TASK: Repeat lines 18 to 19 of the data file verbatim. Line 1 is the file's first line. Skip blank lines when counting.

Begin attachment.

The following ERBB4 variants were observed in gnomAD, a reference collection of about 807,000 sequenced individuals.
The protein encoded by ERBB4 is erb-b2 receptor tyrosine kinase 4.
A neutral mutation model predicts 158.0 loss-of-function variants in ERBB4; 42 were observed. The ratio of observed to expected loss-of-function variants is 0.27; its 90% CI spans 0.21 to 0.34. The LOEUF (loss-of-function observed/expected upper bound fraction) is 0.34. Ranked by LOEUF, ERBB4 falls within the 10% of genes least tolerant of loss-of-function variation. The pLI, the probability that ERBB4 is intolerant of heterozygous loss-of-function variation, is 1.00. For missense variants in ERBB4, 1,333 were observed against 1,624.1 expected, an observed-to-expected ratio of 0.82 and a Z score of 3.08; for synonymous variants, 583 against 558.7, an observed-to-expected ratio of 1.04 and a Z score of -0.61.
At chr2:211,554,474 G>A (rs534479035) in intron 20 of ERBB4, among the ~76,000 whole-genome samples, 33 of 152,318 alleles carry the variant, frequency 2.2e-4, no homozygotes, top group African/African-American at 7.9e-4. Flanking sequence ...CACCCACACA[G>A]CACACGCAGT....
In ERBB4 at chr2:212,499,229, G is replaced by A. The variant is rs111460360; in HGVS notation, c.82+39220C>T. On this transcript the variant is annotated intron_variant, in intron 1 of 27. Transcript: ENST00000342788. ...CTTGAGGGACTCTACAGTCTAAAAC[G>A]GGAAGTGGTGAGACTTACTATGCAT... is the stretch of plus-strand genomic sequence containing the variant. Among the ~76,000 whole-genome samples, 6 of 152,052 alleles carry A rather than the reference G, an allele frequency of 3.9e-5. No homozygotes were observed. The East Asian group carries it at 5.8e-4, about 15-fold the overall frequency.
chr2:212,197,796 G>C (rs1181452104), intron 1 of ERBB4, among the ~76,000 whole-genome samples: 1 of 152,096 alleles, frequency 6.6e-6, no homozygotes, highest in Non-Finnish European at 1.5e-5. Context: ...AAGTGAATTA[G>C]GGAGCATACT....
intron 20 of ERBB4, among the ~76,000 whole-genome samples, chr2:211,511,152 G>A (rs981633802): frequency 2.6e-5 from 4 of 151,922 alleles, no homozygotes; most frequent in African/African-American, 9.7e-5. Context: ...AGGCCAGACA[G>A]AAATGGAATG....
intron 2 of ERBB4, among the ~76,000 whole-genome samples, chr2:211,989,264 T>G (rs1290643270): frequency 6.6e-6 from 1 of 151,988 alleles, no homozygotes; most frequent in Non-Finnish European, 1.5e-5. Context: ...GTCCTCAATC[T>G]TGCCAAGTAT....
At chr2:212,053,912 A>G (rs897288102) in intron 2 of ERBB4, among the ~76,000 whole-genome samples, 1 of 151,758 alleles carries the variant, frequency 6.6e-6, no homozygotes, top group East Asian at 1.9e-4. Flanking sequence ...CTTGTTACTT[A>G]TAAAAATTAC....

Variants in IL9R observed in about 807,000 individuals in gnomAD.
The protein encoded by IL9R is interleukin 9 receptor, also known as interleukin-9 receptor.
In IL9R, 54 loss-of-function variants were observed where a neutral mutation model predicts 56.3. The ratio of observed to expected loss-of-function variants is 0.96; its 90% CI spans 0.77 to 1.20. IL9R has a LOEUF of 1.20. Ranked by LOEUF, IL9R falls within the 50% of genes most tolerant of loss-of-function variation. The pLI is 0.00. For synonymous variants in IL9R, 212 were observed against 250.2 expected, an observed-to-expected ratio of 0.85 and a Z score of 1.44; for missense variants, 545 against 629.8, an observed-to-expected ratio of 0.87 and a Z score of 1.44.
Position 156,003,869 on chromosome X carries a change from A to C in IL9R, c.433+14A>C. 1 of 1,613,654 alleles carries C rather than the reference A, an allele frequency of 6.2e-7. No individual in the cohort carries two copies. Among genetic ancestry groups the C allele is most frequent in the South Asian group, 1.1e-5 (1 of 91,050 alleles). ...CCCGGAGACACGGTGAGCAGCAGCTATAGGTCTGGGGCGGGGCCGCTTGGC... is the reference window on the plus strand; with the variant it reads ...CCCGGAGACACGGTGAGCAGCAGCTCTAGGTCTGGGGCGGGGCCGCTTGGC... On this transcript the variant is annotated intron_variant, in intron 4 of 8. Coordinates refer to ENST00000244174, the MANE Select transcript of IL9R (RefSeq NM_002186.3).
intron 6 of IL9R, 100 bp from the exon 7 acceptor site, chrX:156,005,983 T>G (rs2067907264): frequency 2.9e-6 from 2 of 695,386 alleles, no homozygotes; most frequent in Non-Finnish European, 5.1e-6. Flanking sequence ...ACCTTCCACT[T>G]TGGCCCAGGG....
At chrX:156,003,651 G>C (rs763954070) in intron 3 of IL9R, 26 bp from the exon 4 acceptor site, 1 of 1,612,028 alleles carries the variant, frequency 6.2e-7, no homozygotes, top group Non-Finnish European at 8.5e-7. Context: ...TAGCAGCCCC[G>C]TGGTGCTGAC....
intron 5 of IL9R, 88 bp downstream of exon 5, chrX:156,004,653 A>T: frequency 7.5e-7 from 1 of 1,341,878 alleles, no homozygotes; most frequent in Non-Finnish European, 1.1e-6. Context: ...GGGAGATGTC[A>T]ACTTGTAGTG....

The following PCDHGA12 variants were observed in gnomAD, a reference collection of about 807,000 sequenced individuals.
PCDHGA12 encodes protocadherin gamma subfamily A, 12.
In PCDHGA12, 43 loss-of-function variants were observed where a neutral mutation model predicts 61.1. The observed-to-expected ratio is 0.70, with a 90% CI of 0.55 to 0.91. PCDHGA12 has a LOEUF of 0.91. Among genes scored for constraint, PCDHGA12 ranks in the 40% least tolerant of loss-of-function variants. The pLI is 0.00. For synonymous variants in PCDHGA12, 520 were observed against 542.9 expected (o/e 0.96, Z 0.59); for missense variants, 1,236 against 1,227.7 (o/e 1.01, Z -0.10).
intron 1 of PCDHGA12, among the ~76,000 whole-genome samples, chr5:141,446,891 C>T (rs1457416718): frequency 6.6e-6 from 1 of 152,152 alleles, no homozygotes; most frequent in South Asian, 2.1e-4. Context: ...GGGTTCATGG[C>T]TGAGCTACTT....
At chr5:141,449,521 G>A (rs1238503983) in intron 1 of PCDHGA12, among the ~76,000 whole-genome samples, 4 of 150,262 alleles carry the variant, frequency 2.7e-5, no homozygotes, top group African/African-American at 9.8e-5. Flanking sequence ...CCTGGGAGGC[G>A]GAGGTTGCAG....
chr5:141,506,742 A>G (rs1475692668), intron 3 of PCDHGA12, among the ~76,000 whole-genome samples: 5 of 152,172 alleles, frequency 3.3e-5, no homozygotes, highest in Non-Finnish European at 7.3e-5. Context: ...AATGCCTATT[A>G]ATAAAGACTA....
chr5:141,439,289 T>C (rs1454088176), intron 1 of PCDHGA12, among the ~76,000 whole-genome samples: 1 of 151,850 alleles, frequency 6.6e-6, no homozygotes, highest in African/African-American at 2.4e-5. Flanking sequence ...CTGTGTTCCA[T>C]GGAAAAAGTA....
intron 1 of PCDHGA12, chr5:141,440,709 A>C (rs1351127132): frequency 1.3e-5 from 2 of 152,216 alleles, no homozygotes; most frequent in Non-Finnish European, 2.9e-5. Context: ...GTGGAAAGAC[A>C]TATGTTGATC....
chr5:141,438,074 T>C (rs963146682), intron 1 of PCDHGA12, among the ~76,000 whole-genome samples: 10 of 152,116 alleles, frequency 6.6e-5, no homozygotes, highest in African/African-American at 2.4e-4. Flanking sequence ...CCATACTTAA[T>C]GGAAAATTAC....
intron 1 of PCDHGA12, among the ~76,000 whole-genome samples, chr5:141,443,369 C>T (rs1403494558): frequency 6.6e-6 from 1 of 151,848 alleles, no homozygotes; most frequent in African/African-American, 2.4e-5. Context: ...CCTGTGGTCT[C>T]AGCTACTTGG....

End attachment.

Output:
PCDHGA12 encodes protocadherin gamma subfamily A, 12.
In PCDHGA12, 43 loss-of-function variants were observed where a neutral mutation model predicts 61.1. The observed-to-expected ratio is 0.70, with a 90% CI of 0.55 to 0.91. PCDHGA12 has a LOEUF of 0.91. Among genes scored for constraint, PCDHGA12 ranks in the 40% least tolerant of loss-of-function variants. The pLI is 0.00. For synonymous variants in PCDHGA12, 520 were observed against 542.9 expected (o/e 0.96, Z 0.59); for missense variants, 1,236 against 1,227.7 (o/e 1.01, Z -0.10).